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Body mass index (BMI) vs body fat percentage (BFP) as a relation to estimate players’ physiological soccer adaptation profile

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dc.contributor.author Zerf, Mohammed
dc.contributor.author Mokkedes, Moulay Idriss
dc.contributor.author Bengoua, Ali
dc.date.accessioned 2019-07-29T10:43:01Z
dc.date.available 2019-07-29T10:43:01Z
dc.date.issued 2018-09-23
dc.identifier.uri http://e-biblio.univ-mosta.dz/handle/123456789/12134
dc.description.abstract From time to time, it is important to pause and take stock. Drawing from over a decade of applied experience in professional sport, this keynote aims to take a snapshot in time and discuss both applied successes, and failures, of performance analysis. Using a variation of a SWOT analysis approach, the keynote will address the broader strengths, weaknesses opportunities and threats that apply to this dynamic discipline. Modern technologies have aff orded analysts and coaches to explore performance and its associated data with increasing levels of scope and detail. With both software and hardware becoming fi nancially more accessible, the opportunities to analyze performance have never been better. However, the translation of this analysis and data must provide meaningful insights or changes in behavior to render it worthwhile. The current levels of data produced have not always been met with the same levels of competency to optimally assimilate and fi lter the information. The role and scope of the professional performance analyst itself is ever evolving. Governing bodies, teams and educational institutions are now employing an ever growing number of performance analysts in their organizations. In professional sport, the role of the performance analyst is often poorly defi ned with large role variances from sport to sport and even within a sport itself. The role of the performance analyst is not regulated in the same manner as strength and conditioning, medical and nutritional roles within sport. This leads to its own set of human resource challenges. The keynote aims to provide an evaluation of the discipline from an experiential viewpoint, discussing both the personnel and technological challenges alongside the growing opportunities, that exist for the performance analyst in 2018. en_US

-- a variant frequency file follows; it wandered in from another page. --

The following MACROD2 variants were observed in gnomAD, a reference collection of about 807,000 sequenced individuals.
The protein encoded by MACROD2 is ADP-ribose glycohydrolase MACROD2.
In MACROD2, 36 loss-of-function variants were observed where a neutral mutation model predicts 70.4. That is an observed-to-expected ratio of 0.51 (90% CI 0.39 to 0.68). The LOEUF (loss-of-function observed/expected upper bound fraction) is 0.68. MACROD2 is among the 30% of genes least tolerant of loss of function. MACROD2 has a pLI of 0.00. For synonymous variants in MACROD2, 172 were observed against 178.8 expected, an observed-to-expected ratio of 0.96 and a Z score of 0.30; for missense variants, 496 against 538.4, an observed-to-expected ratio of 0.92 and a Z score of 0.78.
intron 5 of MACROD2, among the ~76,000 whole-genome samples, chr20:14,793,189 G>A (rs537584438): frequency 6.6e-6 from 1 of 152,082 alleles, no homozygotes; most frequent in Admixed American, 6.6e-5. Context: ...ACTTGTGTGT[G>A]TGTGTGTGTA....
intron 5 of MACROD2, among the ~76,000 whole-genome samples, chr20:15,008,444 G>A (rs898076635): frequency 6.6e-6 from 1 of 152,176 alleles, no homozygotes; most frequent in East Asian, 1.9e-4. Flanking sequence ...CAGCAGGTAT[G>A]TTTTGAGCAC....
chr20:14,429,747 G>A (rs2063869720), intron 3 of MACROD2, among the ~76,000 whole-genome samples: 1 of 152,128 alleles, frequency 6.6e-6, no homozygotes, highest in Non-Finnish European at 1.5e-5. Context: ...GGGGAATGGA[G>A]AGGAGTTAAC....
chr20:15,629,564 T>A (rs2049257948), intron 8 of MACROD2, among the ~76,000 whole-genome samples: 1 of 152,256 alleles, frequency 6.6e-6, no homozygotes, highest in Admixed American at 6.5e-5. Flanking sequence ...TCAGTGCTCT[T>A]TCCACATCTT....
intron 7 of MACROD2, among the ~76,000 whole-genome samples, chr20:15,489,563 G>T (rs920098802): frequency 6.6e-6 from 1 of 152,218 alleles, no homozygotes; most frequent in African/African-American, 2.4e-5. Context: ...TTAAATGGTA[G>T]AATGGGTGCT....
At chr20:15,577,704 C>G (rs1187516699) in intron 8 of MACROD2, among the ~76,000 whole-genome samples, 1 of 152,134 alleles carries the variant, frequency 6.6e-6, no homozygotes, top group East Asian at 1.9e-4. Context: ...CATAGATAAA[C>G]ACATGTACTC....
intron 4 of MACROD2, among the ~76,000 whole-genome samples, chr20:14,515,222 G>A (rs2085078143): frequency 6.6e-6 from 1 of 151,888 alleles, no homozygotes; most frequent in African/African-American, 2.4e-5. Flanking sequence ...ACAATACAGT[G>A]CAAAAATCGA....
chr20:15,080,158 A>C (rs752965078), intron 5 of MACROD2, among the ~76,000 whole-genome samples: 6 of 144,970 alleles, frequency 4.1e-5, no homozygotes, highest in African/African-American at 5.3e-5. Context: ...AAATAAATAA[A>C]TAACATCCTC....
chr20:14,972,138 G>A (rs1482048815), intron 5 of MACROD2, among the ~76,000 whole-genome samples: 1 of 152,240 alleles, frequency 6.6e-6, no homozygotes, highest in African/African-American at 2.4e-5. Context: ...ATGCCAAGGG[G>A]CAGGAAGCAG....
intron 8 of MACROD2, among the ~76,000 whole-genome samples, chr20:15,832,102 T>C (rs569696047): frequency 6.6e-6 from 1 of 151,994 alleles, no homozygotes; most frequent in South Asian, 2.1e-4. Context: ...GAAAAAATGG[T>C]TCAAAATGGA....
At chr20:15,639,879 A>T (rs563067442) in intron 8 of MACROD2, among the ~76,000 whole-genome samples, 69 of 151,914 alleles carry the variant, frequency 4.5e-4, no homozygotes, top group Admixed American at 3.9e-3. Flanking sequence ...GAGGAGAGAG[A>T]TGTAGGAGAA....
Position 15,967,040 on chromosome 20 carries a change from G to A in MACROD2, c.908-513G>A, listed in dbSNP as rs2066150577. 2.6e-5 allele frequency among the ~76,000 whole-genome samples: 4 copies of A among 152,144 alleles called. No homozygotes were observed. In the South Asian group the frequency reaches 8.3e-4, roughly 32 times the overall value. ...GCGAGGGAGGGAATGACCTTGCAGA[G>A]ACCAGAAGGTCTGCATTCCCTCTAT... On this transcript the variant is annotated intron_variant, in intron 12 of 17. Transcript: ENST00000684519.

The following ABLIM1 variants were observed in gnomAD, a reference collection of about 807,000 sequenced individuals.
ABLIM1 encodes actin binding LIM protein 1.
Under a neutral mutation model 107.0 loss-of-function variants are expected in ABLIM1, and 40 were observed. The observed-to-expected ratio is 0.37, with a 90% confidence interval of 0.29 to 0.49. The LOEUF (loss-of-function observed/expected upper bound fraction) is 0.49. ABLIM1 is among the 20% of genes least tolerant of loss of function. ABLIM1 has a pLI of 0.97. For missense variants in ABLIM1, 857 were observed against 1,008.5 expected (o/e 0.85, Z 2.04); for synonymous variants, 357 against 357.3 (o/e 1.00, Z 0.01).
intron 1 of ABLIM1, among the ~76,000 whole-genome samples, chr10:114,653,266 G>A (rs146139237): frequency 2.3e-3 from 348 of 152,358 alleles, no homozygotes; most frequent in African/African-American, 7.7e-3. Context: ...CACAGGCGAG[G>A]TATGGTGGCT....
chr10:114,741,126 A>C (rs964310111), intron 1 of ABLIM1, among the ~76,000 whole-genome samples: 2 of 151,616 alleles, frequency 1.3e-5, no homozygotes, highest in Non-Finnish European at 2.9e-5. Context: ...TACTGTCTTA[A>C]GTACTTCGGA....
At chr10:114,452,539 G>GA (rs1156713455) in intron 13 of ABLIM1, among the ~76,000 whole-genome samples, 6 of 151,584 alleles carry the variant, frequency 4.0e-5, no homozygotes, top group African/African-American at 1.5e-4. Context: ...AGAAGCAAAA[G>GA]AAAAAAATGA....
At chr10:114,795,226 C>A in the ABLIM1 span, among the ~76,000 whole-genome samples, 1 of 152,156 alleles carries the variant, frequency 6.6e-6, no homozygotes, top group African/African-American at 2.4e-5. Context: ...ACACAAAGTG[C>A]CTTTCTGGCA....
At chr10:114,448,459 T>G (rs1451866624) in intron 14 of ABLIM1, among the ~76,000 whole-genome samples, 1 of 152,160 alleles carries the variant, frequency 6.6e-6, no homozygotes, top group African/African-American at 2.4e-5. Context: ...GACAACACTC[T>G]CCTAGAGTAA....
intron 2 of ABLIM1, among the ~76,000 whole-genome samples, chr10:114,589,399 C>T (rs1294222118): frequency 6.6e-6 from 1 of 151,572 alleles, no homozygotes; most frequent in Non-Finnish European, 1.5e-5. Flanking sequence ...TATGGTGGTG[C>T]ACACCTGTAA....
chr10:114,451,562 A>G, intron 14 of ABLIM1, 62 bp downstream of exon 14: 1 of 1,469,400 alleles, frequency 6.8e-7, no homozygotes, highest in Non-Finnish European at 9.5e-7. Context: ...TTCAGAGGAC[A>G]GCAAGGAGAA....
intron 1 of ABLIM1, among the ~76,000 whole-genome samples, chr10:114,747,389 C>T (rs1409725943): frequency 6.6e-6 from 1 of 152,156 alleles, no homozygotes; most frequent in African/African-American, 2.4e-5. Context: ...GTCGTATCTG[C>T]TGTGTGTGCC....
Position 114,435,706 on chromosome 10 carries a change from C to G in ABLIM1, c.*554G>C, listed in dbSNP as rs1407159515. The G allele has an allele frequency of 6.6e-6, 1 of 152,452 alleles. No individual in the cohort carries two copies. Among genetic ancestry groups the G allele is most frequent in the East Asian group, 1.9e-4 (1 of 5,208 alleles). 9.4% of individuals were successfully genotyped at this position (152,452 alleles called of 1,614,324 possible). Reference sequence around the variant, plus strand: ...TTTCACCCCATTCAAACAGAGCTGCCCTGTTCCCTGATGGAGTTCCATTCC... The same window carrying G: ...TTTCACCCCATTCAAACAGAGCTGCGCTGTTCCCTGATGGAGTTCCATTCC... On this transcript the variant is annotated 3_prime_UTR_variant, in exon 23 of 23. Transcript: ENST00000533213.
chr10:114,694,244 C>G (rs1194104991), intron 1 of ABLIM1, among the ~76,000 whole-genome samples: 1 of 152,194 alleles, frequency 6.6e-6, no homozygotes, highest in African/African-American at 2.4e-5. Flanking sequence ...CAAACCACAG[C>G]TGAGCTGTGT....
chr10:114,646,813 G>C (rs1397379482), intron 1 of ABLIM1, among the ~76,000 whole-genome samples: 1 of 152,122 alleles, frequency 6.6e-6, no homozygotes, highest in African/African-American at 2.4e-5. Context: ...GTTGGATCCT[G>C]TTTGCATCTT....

dc.publisher Faculty of Kinesiology, University of Zagreb, Croatia en_US
dc.subject training en_US
dc.subject preparation en_US
dc.subject analysis en_US
dc.subject winner en_US
dc.subject men’s singles en_US
dc.title Body mass index (BMI) vs body fat percentage (BFP) as a relation to estimate players’ physiological soccer adaptation profile en_US
dc.type Article en_US

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